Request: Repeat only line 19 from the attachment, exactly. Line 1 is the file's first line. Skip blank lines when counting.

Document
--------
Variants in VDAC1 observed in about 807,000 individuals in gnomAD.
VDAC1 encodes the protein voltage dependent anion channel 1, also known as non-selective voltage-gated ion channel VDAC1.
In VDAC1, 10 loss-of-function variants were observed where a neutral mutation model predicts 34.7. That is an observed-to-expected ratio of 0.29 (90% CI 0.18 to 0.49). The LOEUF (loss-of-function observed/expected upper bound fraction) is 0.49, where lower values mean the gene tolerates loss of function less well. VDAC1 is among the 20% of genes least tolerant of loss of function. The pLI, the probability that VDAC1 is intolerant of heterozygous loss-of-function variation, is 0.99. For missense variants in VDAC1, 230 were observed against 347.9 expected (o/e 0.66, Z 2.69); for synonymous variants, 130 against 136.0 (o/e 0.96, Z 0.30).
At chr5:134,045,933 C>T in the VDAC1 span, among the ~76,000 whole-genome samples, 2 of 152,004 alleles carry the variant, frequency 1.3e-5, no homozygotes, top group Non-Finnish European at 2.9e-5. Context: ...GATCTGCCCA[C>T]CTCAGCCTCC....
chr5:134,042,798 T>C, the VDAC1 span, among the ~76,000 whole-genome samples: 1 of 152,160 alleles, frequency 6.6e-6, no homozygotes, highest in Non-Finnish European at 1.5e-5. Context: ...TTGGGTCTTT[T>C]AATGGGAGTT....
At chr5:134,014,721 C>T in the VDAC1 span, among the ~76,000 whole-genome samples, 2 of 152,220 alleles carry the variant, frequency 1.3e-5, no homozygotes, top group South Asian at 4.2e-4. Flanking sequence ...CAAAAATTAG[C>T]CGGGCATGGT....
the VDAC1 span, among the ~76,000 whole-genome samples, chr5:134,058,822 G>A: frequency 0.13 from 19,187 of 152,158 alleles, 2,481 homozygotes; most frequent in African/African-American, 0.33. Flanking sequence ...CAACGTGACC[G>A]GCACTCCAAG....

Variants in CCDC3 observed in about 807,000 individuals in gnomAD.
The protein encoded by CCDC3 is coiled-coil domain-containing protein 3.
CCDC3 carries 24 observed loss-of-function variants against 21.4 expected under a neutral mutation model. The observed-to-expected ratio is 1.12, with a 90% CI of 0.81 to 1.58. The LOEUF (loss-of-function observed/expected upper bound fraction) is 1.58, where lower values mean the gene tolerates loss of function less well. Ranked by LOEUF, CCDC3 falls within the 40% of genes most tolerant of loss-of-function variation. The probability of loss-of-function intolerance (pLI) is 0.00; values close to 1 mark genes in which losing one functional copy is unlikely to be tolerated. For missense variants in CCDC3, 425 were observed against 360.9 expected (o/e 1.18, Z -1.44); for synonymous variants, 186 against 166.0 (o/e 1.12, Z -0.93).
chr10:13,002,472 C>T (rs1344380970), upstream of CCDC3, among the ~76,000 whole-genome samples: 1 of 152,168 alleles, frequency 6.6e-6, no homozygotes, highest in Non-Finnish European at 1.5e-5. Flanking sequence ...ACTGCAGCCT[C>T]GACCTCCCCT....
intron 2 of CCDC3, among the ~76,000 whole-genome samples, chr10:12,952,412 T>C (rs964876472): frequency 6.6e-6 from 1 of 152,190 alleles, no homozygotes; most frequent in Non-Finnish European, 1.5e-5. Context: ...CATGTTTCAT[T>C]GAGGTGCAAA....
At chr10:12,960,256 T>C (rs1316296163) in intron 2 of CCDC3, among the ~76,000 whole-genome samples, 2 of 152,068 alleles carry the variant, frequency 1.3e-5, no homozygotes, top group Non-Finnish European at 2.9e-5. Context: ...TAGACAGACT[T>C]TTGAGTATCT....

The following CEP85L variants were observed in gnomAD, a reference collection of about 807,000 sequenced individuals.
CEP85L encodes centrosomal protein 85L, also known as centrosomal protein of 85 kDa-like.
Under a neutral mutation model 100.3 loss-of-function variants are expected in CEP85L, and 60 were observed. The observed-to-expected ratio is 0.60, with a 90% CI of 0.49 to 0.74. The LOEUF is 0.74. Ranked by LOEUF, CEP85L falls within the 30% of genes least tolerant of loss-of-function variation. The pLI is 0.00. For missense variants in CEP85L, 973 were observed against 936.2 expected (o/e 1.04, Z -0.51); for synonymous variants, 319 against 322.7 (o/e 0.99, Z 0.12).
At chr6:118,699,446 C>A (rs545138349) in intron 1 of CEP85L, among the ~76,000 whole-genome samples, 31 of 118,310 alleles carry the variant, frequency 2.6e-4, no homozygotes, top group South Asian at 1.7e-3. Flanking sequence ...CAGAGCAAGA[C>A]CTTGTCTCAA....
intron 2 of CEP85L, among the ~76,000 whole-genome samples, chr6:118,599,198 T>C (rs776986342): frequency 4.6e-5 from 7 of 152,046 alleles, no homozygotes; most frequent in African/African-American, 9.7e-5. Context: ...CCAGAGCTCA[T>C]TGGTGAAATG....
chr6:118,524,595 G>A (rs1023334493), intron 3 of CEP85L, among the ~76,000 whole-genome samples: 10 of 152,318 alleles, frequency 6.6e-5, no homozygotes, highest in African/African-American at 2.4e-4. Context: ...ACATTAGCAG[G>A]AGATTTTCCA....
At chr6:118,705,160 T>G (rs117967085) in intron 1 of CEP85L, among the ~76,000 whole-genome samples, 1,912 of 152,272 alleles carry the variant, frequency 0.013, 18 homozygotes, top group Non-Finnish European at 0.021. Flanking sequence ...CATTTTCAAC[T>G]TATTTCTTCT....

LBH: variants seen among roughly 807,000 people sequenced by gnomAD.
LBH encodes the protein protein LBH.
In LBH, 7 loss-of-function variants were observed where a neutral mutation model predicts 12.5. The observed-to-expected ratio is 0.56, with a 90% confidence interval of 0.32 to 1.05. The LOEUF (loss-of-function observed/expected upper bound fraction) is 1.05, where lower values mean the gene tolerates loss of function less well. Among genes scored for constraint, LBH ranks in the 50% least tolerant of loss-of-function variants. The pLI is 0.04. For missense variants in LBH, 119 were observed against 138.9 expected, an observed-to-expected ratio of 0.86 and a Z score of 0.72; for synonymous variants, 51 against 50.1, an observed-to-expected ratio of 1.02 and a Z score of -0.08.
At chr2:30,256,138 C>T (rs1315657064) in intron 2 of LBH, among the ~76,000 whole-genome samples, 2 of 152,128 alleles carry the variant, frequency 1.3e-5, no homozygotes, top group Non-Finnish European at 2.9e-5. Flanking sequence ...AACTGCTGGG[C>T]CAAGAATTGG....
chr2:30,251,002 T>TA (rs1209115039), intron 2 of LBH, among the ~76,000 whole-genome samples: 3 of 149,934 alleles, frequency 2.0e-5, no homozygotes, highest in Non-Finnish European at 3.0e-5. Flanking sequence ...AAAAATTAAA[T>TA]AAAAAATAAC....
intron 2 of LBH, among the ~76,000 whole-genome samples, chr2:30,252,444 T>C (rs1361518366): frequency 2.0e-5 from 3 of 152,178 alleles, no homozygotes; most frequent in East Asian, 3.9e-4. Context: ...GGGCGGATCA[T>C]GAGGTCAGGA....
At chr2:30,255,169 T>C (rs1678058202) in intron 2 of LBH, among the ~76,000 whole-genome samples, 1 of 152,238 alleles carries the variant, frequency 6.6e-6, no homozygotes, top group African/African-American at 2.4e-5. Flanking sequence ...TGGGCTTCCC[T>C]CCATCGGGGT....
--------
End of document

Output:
chr6:118,524,595 G>A (rs1023334493), intron 3 of CEP85L, among the ~76,000 whole-genome samples: 10 of 152,318 alleles, frequency 6.6e-5, no homozygotes, highest in African/African-American at 2.4e-4. Context: ...ACATTAGCAG[G>A]AGATTTTCCA....